Another advantage of the present invention is that it does not determine probabilities that characters belong to a language based on an isolated view of only that language. Rather, it determines probabilities that characters belong to a language based on how those characters belong to all candidate languages.
Still further advantages of the present invention will become apparent to those of ordinary skill in the art upon reading and understanding the following detailed description of the preferred embodiments.
In the accompanying drawings which are incorporated in and constitute a part of the specification, embodiments of the invention are illustrated, which, together with a general description of the invention given above, and the detailed description given below, serve to example the principles of this invention.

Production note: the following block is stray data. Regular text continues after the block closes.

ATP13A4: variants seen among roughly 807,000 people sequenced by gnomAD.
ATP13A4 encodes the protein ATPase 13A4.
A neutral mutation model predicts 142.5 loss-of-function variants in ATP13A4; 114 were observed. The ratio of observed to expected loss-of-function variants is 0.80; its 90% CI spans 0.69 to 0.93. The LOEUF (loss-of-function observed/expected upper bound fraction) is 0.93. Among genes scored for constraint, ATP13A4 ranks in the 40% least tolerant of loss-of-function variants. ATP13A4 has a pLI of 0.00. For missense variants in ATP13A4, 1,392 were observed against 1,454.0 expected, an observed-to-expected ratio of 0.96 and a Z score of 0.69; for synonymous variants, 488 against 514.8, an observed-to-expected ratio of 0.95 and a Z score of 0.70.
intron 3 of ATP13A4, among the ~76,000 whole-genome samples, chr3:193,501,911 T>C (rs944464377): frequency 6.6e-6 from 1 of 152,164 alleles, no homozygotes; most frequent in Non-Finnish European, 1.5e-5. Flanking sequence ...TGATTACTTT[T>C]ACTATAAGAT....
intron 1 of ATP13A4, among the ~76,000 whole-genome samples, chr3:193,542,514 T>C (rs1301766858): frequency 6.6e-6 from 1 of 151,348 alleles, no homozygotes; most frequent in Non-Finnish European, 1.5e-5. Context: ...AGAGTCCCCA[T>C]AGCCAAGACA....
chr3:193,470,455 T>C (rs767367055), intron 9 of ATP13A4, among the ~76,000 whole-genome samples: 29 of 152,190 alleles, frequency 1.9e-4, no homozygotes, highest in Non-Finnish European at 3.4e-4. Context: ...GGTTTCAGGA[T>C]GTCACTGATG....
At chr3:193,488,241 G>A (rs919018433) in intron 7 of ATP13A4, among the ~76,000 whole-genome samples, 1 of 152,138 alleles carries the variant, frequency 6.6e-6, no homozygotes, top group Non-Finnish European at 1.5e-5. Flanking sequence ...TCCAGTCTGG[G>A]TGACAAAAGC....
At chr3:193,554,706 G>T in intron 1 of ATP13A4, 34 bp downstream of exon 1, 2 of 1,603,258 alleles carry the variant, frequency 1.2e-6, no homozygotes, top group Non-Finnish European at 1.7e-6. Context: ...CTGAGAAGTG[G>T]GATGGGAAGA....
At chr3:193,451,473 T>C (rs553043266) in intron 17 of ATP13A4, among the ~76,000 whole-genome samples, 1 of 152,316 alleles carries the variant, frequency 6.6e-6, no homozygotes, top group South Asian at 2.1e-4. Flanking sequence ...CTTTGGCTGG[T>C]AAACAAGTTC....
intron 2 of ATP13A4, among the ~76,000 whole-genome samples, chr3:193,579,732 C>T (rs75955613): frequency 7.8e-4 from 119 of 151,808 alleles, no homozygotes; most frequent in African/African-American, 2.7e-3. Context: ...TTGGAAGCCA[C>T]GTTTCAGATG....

FIG. 1 is an exemplary overall system diagram of a language analyzer in accordance with the present invention;
FIG. 2 is an exemplary diagram showing how probability data is generated in accordance with the present invention;
FIG. 3 is an exemplary system using the present invention; and
FIG. 4 is an exemplary methodology of determining the language of a document in accordance with the present invention.
The following includes definitions of exemplary terms used throughout the disclosure. Both singular and plural forms of all terms fall within each meaning:
“Document”, as used herein, includes but is not limited to an electronic document, a web page or any object having text.